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WORLD
May 31, 2010 | By Megan K. Stack, Los Angeles Times
There were rock stars and rappers, and there were nurses to take blood donations. Music boomed off the sides of skyscrapers for blocks around. In between patriotism-tinged performances, earnest announcers climbed onto a stage in a square, under a sign that read "Saving Lives," and told hundreds of cheering youths about all the good things that would be done with the donated blood. Monday was Generation Day in Moscow, an event of vague origin, organized by networks of pro-Kremlin youth groups apparently to drown out another event.
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BUSINESS
April 4, 2014 | By Don Lee
TAIPEI, Taiwan - For decades, relations between Taiwan and its giant neighbor China have been one of the great success stories of the ending of the Cold War. Slowly but surely, the two nations have pulled back from half a century of bellicose confrontation and in recent years embraced a level of political and economic cooperation that seemed to promise new riches for both. But today, for many Taiwanese, the bloom is off the rose. This disenchantment lay behind the outbreak of angry protests from Taiwanese students that are in their third week.
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CALIFORNIA | LOCAL
July 17, 2013 | By Paige St. John
SACRAMENTO -- California prison officials have put 14 inmate leaders of a statewide protest over solitary confinement conditions into yet deeper isolation. The protest is now in its 10th day, with 2,312 inmates refusing state meals and 271 refusing to go to work or attend classes. Lawyers for inmates in the Secure Housing Unit at Pelican Bay State Prison arrived to find their clients had been moved to administrative segregation, used to punish inmates who have violated rules.
CALIFORNIA | LOCAL
April 2, 2014 | By Larry Gordon
Twenty picketers were arrested Wednesday for blocking traffic at UC Santa Cruz as unionized teaching assistants and tutors began a strike at two UC campuses. The walkout at Santa Cruz and UC Berkeley is expected to extend for a second day Thursday and include the system's other seven undergraduate campuses as well, union leaders said. The United Auto Workers Local 2865 - which represents about 13,000 teaching assistants, tutors and readers - called the strike to protest what it said were unfair labor practices and intimidation by UC administrators.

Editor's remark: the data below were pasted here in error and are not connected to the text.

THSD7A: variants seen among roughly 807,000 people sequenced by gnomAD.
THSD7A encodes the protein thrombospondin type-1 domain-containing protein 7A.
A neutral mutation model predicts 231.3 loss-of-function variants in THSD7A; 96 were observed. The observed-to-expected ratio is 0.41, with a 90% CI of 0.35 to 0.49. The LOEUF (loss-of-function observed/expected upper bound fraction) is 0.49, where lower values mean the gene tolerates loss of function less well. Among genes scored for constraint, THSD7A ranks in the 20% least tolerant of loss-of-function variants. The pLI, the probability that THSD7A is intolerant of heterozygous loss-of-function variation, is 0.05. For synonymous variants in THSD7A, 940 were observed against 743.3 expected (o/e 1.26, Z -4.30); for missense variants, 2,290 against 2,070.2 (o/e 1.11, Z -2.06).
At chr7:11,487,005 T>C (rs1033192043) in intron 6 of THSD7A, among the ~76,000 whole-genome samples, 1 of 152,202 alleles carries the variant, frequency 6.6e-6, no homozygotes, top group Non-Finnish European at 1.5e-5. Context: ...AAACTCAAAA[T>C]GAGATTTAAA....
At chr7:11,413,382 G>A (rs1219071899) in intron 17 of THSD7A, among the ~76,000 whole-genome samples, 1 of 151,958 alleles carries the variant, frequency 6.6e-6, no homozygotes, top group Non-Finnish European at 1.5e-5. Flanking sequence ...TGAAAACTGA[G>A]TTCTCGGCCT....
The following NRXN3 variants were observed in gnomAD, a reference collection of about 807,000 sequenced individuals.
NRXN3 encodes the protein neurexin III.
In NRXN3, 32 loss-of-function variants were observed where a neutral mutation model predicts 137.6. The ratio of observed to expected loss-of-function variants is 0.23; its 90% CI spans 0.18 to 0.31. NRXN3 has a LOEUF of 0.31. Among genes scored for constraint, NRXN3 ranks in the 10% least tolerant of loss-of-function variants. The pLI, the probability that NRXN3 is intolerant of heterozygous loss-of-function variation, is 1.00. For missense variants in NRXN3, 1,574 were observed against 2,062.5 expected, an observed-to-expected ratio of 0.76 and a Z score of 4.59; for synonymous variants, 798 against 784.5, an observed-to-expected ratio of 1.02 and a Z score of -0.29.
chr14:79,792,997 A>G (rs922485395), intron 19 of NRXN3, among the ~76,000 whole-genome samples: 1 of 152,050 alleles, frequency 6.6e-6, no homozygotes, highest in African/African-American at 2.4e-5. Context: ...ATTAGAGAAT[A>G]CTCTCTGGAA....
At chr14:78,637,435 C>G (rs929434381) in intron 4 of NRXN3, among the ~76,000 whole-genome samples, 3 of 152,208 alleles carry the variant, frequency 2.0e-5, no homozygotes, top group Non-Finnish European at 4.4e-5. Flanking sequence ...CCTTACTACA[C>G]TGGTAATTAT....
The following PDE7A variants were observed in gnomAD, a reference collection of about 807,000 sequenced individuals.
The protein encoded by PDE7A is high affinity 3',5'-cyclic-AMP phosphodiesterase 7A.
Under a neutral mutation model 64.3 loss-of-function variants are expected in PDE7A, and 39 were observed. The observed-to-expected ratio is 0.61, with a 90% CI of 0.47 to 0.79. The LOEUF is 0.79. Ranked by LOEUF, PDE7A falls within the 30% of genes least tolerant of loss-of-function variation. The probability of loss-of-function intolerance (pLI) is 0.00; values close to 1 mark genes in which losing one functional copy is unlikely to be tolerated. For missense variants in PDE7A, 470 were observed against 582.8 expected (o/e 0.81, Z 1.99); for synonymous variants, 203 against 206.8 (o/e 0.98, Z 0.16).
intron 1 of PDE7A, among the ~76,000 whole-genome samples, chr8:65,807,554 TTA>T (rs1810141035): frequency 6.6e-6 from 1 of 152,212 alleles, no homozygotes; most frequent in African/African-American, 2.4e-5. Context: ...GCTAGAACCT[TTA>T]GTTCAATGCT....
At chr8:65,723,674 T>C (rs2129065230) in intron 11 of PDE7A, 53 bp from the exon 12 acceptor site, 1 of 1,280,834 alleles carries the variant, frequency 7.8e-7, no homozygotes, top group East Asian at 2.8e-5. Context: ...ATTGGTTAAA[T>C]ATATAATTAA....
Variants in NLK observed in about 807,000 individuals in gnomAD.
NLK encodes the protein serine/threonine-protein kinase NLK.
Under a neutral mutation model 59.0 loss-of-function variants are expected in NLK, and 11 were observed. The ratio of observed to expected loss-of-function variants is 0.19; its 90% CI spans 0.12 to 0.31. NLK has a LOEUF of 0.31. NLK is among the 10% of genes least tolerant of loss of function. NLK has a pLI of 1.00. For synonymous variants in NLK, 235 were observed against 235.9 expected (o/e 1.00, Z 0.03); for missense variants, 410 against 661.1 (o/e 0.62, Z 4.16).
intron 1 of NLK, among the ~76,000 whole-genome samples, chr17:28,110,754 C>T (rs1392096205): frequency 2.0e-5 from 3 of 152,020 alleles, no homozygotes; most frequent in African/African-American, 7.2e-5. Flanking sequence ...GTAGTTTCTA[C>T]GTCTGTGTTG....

CALIFORNIA | LOCAL
July 26, 2013 | By Anna Gorman
About 25 University of California healthcare workers were arrested Friday afternoon in Westwood during a protest over staffing levels, according to the Los Angeles Police Department. In a planned act of civil disobedience, the protesters blocked the intersection at Westwood and Wilshire boulevards and refused to leave, said LAPD Sgt. A. Bone. Officers arrested them and took them to the West Los Angeles community police station for booking.  The protest began about 2 p.m. LAPD officers were monitoring the event to make sure that the protesters didn't get run over by traffic, Bone said.
CALIFORNIA | LOCAL
October 7, 2013 | By Nita Lelyveld
The inflatable puppy in a hot dog bun was designed to turn heads and stop traffic. And no doubt it would on so many other corners, in so many cities other than this one. Even at Hollywood Boulevard and Highland Avenue, it was a bit odd to see a bunned, 10-foot-long dog lying on its side, with big black eyes and a belly striped with ketchup and mustard. But was it any odder, really, than to walk through a web of Spider-Men - one rail-thin, one chubby, one wearing a bulging fanny pack?
CALIFORNIA | LOCAL
February 22, 2014 | By Jeff Gottlieb
A demonstration in support of anti-government protests in Venezuela is scheduled Saturday afternoon at the federal building in Westwood, one of more than 100 taking place across the U.S. and the world, organizers said. The protest is being organized by Jovenes Independientes (Independent Youth), a group of Venezuelans living in the U.S., that sprung up since the protests aganist the government of that country's president, Nicolas Maduro, began about 10 days ago. Demonstrators gathered outside the Walt Disney Concert Hall in downtown Los Angeles Friday night to protest the failure of Gustavo Dudamel, conductor of the Los Angeles Philharmonic and a Venezuelan, to speak out against Maduro.